Good Riddance to Finance Regulator Richard Cordray

The American Spectator shared an article detailing the resignation of former Consumer Financial Protection Bureau Director Richard Cordray. The article is written by John Berlau.

Rep. Ann Wagner (R-MO) may have had the best response to yesterday’s resignation announcement by Consumer Financial Protection Bureau Director Richard Cordray. The statement, sent to reporters and posted on her website consisted of just two words: “Good riddance.”

Wagner provided links to give some context, and no example shows Cordray’s general arrogance better than his answer to a basic question Wagner asked about CFPB spending and priorities. When she asked him in a hearing about the CFPB’s renovations of its new building that so far has cost $215 million, Cordray replied, “Why does that matter to you?”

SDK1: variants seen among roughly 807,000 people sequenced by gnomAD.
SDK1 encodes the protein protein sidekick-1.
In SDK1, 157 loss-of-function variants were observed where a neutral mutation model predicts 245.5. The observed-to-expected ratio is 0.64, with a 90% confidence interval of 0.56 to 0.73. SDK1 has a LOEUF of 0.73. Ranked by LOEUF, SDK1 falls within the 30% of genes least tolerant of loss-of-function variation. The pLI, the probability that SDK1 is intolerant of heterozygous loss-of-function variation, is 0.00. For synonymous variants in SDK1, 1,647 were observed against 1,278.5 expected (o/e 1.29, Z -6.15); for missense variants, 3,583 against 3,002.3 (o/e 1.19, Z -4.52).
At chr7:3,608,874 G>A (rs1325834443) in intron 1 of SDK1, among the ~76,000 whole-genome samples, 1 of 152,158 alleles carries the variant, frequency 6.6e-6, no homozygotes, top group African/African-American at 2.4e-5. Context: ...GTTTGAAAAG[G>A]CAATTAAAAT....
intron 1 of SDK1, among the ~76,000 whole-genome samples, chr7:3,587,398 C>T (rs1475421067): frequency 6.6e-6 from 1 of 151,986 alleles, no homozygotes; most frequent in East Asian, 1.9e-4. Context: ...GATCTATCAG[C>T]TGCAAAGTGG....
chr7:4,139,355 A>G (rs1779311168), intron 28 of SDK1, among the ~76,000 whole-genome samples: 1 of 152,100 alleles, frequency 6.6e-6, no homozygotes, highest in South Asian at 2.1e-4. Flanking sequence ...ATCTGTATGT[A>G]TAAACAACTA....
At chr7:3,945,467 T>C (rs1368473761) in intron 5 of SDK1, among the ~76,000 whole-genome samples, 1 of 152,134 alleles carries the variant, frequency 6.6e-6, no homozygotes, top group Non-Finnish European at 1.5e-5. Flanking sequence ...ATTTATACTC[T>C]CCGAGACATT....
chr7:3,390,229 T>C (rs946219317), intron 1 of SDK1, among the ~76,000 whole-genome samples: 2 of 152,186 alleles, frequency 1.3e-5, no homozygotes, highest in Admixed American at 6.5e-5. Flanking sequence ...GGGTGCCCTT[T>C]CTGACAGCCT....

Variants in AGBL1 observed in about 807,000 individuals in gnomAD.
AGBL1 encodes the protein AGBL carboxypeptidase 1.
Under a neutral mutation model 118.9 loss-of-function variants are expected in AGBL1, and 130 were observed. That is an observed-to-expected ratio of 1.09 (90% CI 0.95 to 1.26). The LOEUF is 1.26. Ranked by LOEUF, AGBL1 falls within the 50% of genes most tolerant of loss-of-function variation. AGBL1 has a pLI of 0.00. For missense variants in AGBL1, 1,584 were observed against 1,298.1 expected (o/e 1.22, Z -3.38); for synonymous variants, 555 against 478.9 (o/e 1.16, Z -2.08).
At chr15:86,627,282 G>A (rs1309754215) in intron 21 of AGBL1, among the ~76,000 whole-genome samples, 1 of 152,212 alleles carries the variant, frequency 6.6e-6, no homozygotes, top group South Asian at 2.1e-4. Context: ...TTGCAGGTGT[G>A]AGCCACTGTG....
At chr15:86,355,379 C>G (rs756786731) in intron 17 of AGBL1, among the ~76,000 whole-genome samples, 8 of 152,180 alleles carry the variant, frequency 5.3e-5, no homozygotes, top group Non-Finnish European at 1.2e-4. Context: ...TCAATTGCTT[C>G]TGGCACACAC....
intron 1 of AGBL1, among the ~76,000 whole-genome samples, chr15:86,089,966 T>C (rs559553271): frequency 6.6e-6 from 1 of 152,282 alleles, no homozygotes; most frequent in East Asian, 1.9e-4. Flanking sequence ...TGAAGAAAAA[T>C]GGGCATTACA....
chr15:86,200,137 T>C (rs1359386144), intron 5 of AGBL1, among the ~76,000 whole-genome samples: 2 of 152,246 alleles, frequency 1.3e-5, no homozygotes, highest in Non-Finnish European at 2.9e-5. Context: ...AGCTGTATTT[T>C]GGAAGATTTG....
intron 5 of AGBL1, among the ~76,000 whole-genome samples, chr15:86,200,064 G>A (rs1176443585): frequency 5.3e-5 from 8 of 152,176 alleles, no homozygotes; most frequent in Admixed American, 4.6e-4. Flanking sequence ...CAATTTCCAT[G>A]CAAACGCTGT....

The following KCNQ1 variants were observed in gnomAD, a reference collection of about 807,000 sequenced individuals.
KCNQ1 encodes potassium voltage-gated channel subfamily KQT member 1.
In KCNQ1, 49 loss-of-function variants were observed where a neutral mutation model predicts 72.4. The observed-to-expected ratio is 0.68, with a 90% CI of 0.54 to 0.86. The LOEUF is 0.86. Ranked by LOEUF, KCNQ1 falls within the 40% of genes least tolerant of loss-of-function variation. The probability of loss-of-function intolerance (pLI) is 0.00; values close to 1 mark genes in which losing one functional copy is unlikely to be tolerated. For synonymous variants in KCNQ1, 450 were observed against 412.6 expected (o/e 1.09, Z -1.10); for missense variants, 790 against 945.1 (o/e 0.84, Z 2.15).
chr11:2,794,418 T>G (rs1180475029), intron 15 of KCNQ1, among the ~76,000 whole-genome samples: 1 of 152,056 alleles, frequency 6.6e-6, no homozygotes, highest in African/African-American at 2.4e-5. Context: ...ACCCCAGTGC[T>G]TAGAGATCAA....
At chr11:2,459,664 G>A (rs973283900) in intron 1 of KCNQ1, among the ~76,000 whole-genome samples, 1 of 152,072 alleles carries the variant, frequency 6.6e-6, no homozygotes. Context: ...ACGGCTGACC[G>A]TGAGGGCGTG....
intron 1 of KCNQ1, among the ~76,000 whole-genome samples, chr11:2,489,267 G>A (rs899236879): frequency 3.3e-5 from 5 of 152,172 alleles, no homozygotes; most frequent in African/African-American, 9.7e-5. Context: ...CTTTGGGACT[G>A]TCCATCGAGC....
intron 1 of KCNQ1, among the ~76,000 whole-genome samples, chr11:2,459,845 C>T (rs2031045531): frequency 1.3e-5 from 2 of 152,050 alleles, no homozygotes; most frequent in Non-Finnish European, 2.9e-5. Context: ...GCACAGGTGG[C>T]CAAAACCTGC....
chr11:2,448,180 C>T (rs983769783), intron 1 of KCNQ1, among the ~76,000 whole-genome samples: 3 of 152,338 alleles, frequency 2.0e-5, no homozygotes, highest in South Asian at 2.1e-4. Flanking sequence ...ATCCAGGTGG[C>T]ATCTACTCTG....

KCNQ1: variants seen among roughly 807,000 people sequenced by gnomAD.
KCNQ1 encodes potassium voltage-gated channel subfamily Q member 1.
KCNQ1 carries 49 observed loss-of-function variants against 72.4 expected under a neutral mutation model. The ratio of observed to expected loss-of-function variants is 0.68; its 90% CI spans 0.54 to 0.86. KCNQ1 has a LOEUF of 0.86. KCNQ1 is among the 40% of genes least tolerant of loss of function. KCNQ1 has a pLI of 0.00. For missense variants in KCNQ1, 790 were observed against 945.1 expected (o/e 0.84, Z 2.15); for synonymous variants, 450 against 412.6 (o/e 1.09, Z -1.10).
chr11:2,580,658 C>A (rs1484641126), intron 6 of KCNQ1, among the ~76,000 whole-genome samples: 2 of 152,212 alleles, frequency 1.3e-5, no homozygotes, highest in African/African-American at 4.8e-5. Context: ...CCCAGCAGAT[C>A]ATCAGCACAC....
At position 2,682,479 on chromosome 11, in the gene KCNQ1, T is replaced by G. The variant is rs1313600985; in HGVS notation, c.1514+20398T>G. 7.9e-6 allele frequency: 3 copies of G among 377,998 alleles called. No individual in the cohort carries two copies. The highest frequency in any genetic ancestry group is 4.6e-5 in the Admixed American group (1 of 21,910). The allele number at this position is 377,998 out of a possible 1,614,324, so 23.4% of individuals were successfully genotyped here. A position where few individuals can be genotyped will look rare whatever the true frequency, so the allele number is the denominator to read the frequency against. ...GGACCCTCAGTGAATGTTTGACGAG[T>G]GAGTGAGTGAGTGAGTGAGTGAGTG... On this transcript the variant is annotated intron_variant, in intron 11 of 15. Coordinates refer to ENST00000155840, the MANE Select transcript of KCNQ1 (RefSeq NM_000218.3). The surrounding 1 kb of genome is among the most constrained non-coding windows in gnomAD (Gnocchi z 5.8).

The resignation of Cordray — appointed by President Obama to the CFPB first as a likely illegal “recess” appointment in 2012 and then confirmed for a five-year term in 2013, when then-Senate Majority Leader Harry Reid abolished the filibuster for nominees — is long overdue. The CFPB under Cordray’s tenure has failed consumers, as it has issued massively expensive regulations that have crushed Main Street banks and credit unions while ignoring the misdeeds at Wells Fargo even as state agencies were tackling it.

Cordray’s CFPB long escaped accountability because of the defective and unconstitutional structure of the CFPB. Congress and the courts must strengthen the CFPB’s accountability by making it subject to appropriations from Congress and giving the president the power to remove the director “at will,” as in the case of a Cabinet secretary.

President Trump must also immediately nominate and the Senate must swiftly confirm a new director who will begin the process of removing the red tape harming consumers and Main Street financial institutions and focusing the CFPB’s resources on combating genuine fraud and malfeasance. Consumers, entrepreneurs, small banks and credit unions need relief now from the CFPB’s stifling red tape.

Read the article here or at The American Spectator